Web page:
I'll note that while Aaron is the only child who flat refuses to fight, he's not the only child unhappy about it. Also, there is a general feeling among about half the parents that taking a bunch of 4-7 year olds, some enthusiastic fighters, some reluctant, none with good control, and having them pummel each other regularly, is simply not a great idea, and the whole fighting thing should be saved for an optional class.

Personally I think it's another example of the dojo owner's usual thought process - have idea, see possibilities, jump in with both feet before evaluating for overall good sense or potential problems. Somehow I'm less tolerant of this foible of his when it's my child hitting the pitfalls he hasn't bothered to think through.


Bill said...

I'd say he's learned that only bad people attack others, and he doesn't want to become a bad person. He is perhaps afraid that his training will leak into other areas of his life.

Another possibility is that he is afraid that he will let a fit of rage take over.

You should explain to him (again), that good people need to be prepared when a really bad person attacks them, and that is what Karate training is. That people usually fight worse when they let rage take over, so it is also a matter of self-control in a fight.

The kids at the dojo understand these things(?), and are okay with this controlled fighting. Fighting will actually help his opponent learn too. If he is not okay with that, then he should not go to the fight session.

somaserious said...

Should these children be sparring at such a young age? I'm not so sure about that. In our dojo the children generally don't begin to spar until they are at least comfortable with their bodies and how they react to martial arts training. Usually it's about the age of 9. However, sensei does drills that get them prepared for what sparring will be like: how to move, how to avoid being hit, how to maintain control. Those are so important to have before you even begin to think about sparring. To just send a child into a sparring situation without preparing them seems a bit too much to me. My nephew, who is 8.5 yrs, refuses to spar. It's scary and children should be moved into it slowly so that they don't become afraid to go to class anymore. I say save the sparring for when they are a little older and have more experience in their little bodies.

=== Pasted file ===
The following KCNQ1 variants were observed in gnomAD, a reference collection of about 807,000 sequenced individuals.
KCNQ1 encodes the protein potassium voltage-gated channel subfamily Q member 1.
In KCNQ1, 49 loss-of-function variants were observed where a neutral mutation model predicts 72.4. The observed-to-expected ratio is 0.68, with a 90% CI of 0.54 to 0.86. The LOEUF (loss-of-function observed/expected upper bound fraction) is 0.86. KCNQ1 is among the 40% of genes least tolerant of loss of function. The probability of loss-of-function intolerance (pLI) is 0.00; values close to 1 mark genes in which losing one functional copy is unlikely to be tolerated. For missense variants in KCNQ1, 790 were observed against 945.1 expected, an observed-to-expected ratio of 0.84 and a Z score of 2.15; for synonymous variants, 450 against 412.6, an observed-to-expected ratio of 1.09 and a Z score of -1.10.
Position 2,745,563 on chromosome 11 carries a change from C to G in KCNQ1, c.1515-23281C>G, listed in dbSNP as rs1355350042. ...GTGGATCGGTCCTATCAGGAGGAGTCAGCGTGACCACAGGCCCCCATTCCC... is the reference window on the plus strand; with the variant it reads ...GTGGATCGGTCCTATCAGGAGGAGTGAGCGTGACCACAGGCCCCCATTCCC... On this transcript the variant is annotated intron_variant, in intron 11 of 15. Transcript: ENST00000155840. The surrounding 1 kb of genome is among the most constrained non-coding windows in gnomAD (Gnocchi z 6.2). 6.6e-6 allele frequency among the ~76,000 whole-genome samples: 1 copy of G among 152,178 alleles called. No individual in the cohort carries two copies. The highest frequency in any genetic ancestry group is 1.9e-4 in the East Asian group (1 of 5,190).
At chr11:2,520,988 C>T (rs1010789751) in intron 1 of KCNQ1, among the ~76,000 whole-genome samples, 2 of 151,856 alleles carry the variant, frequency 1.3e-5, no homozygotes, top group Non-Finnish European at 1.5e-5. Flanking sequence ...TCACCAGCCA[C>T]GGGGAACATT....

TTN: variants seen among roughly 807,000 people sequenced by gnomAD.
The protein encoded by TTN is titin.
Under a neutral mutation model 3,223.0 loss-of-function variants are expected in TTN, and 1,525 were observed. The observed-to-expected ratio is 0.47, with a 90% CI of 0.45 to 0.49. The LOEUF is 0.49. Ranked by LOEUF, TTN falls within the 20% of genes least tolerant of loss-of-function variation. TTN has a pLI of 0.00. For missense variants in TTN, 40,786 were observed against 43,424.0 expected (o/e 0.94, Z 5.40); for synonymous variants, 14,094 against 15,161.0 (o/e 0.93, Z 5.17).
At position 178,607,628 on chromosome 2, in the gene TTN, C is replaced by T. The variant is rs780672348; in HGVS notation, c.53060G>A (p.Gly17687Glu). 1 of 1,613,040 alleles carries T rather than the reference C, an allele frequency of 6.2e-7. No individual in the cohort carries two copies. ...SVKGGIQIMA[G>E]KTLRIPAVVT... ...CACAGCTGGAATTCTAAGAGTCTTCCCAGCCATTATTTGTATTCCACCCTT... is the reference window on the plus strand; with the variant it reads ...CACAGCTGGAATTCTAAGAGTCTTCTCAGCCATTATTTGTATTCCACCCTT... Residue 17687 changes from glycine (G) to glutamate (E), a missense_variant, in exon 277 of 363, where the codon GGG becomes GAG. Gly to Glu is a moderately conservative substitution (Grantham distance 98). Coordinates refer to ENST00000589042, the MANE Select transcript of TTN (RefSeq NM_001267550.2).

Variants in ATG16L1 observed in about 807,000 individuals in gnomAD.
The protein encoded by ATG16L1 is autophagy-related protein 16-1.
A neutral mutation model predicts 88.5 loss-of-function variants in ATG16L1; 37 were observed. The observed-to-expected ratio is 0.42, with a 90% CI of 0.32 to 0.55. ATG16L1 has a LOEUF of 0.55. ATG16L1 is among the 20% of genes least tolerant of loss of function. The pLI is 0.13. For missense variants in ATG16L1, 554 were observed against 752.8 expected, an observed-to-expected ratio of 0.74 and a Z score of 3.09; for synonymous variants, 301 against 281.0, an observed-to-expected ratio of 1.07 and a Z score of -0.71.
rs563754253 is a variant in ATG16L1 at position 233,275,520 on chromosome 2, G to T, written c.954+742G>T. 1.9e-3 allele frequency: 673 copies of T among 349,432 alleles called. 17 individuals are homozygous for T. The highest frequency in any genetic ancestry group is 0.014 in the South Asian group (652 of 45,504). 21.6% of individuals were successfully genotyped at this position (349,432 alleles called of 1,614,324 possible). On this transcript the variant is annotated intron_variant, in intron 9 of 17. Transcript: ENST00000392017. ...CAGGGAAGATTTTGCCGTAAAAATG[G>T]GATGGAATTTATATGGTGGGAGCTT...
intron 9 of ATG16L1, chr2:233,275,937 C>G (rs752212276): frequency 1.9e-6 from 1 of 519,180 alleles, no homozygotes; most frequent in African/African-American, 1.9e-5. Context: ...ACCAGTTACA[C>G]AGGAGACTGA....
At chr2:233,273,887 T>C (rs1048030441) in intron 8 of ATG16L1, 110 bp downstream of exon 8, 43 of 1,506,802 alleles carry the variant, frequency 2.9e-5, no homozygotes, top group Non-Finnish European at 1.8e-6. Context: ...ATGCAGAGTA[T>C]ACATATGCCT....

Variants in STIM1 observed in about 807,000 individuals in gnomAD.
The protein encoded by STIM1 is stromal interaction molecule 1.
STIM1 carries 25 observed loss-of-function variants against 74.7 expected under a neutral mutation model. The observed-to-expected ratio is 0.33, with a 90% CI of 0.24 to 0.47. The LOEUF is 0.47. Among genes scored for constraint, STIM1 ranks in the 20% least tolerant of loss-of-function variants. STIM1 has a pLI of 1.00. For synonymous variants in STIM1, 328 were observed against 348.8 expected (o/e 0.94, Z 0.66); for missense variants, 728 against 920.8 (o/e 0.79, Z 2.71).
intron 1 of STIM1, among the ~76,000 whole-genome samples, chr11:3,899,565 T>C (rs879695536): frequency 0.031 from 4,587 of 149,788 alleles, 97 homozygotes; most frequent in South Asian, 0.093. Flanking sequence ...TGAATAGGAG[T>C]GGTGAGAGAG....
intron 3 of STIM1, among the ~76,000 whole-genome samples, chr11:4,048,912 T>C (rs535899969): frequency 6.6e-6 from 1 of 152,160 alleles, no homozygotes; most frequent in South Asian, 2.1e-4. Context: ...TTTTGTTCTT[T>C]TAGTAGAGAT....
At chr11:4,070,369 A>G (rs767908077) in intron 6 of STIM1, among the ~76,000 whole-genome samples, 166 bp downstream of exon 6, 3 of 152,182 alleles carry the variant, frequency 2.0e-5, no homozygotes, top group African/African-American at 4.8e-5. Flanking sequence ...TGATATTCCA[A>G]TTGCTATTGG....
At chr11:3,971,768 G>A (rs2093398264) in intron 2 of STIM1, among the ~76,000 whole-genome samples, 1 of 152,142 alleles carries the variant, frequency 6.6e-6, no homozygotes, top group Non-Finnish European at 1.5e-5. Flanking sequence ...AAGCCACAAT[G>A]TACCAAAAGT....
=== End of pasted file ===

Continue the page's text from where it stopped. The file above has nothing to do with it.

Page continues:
Perpetual Beginner said...

I don't really think the Little Dragons class should be sparring, somaserious. They have kids as young as three, and few, if any, have what I would consider enough control to be safe. I would be okay with mock sparring with the adults, but I think the odds of injuring or traumatizing a kid who doesn't want to do this anyway are too high.

In truth, I think the sparring has started primarily because they've got one precocious and phenomenally talented little girl that they're trying to bring along to be tournament ready. But I think changing the class to benefit her, when it's a net detriment to most of the others is a losing proposition.

In favor of my opinion, at least two kids have been pulled from class since fighting started.

Bill said...

If you think that Aaron and the other kids don't have enough control yet, then by all means, pull him out of Friday night fighting.